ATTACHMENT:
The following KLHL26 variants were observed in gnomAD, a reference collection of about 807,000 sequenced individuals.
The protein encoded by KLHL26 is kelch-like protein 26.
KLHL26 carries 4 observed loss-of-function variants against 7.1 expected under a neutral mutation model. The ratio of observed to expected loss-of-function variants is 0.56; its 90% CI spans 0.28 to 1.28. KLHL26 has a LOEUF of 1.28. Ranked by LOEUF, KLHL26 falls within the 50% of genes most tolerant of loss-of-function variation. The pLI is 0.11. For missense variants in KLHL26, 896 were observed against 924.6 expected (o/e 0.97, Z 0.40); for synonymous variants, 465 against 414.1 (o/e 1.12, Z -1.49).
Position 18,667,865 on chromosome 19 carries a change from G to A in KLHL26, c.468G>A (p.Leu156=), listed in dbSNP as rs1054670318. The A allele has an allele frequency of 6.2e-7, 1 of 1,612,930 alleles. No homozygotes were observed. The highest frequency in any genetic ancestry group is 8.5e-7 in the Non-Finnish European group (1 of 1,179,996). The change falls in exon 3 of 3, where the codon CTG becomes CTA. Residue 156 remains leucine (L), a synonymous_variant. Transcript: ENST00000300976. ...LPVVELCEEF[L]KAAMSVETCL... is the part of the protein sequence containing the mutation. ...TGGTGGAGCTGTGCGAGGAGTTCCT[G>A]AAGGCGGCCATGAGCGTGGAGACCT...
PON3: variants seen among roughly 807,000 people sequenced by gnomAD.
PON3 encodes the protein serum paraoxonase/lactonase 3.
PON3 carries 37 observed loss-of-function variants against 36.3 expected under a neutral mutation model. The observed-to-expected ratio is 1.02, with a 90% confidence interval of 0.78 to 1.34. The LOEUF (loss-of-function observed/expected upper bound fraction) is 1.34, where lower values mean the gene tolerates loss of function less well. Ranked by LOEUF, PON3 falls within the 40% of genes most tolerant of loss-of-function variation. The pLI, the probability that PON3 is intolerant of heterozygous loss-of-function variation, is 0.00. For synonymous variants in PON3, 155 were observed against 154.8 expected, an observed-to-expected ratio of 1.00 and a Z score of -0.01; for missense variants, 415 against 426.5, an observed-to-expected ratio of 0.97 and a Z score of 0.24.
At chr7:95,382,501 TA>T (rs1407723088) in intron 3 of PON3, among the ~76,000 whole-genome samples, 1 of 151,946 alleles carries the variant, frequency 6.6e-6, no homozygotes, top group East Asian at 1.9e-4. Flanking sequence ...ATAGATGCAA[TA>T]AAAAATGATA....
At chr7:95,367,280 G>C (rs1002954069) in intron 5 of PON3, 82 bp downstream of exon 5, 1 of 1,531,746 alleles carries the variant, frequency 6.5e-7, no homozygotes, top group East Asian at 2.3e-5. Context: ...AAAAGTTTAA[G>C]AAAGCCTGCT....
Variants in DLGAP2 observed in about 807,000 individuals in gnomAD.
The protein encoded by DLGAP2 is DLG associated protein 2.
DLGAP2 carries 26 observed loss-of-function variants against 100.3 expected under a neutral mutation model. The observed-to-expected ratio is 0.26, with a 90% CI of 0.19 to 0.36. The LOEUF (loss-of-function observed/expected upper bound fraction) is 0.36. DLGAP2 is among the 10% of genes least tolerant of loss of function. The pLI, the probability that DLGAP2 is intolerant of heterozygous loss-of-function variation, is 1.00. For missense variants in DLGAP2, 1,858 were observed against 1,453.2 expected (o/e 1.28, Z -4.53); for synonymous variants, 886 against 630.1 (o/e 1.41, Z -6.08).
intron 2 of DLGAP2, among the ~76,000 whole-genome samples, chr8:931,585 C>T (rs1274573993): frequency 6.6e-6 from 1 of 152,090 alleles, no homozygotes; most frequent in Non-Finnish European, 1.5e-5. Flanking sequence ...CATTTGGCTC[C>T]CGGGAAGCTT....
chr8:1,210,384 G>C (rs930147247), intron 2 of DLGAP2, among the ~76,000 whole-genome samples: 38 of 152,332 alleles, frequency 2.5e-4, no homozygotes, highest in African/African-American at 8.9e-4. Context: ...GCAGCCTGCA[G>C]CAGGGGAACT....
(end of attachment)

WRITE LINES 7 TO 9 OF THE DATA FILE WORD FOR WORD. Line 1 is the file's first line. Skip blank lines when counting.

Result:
PON3 carries 37 observed loss-of-function variants against 36.3 expected under a neutral mutation model. The observed-to-expected ratio is 1.02, with a 90% confidence interval of 0.78 to 1.34. The LOEUF (loss-of-function observed/expected upper bound fraction) is 1.34, where lower values mean the gene tolerates loss of function less well. Ranked by LOEUF, PON3 falls within the 40% of genes most tolerant of loss-of-function variation. The pLI, the probability that PON3 is intolerant of heterozygous loss-of-function variation, is 0.00. For synonymous variants in PON3, 155 were observed against 154.8 expected, an observed-to-expected ratio of 1.00 and a Z score of -0.01; for missense variants, 415 against 426.5, an observed-to-expected ratio of 0.97 and a Z score of 0.24.
At chr7:95,382,501 TA>T (rs1407723088) in intron 3 of PON3, among the ~76,000 whole-genome samples, 1 of 151,946 alleles carries the variant, frequency 6.6e-6, no homozygotes, top group East Asian at 1.9e-4. Flanking sequence ...ATAGATGCAA[TA>T]AAAAATGATA....
At chr7:95,367,280 G>C (rs1002954069) in intron 5 of PON3, 82 bp downstream of exon 5, 1 of 1,531,746 alleles carries the variant, frequency 6.5e-7, no homozygotes, top group East Asian at 2.3e-5. Context: ...AAAAGTTTAA[G>C]AAAGCCTGCT....